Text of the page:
OK, I have a pet peeve, either that or I'm becoming a crotchety old man. ETS and many other professional society meetings are for paper presentations and then questions about the presentation. I have been to enough of these that I have learned that most people have a difficult time forming good questions. As a means for continued growth, I try to ask one good question at every presentation I attend, so I like to think I'm pretty good at it. Maybe I'm deluded. In any case, here are Burer's Rules for Asking Questions at an ETS Meeting:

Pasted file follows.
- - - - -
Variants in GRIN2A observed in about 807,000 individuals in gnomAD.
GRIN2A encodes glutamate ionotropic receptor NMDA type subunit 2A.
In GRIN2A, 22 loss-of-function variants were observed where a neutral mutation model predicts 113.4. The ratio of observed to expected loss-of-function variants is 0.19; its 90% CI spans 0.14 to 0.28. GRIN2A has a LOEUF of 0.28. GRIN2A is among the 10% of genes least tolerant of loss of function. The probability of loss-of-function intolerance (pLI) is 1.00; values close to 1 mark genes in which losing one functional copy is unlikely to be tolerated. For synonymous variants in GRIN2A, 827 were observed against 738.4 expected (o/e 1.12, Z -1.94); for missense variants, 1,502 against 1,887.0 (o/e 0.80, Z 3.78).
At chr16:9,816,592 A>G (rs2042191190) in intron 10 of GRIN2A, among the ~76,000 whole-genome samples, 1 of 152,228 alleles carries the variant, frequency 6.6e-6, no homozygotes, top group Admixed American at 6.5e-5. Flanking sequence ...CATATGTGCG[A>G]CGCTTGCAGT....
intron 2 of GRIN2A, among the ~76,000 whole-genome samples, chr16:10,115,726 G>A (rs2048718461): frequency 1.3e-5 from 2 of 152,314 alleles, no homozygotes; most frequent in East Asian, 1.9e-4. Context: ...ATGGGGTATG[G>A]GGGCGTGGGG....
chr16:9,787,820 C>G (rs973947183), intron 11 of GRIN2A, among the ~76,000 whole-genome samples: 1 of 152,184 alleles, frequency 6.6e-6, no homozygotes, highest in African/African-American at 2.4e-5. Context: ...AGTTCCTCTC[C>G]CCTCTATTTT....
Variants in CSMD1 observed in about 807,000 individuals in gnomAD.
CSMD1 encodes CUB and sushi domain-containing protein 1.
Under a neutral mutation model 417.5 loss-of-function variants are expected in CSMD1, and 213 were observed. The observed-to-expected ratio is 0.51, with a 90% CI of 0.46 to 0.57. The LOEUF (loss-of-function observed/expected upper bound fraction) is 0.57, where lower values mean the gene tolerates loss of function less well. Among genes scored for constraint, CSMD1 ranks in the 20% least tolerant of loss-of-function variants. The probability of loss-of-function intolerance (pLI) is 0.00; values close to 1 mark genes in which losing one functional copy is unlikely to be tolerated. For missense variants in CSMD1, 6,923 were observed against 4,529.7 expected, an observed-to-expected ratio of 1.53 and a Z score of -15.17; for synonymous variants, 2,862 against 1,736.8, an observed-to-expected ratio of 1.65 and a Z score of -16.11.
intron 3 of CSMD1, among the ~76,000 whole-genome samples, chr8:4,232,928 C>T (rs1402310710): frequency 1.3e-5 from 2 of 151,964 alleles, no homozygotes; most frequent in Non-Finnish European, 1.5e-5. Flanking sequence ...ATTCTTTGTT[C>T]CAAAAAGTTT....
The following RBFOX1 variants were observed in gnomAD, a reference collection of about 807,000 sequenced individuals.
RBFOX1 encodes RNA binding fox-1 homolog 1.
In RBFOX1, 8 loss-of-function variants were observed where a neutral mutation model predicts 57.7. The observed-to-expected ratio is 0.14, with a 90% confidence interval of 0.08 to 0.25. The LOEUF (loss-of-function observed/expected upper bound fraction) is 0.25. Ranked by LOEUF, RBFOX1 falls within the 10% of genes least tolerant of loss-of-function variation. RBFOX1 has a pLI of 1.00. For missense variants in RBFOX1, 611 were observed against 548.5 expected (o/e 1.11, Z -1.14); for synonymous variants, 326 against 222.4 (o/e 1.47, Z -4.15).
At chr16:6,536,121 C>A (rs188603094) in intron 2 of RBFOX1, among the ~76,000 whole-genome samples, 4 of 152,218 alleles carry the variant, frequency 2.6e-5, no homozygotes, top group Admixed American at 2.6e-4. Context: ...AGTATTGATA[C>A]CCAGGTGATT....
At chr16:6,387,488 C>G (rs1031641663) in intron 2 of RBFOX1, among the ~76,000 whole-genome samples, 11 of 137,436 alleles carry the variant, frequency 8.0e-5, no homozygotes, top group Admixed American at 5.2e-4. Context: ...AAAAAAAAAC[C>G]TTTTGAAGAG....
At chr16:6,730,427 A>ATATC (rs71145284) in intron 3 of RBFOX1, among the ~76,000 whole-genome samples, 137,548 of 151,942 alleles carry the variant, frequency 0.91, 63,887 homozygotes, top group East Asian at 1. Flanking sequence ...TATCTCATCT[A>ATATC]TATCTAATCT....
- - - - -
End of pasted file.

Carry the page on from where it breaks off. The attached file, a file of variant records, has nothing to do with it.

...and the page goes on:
- Be crisp. If you can't state your question in 10 seconds, don't ask it.
- Be clear. If the presenter doesn't understand your question, you lose your turn.
- Don't lead with a statement. If you have something to say, present your own paper.
- Don't interrupt. Allow the presenter to respond fully to your question.
- Don't double dip. Only ask a second question if you are certain there are no others who have a question.
- Don't self-validate. If you've written on this topic and the presenter did not mention you, just talk to them privately afterwards.
My point is that the Q&A at these presentations is for learning about the topic presented. My rules are intended to help that learning process move forward quickly and efficiently.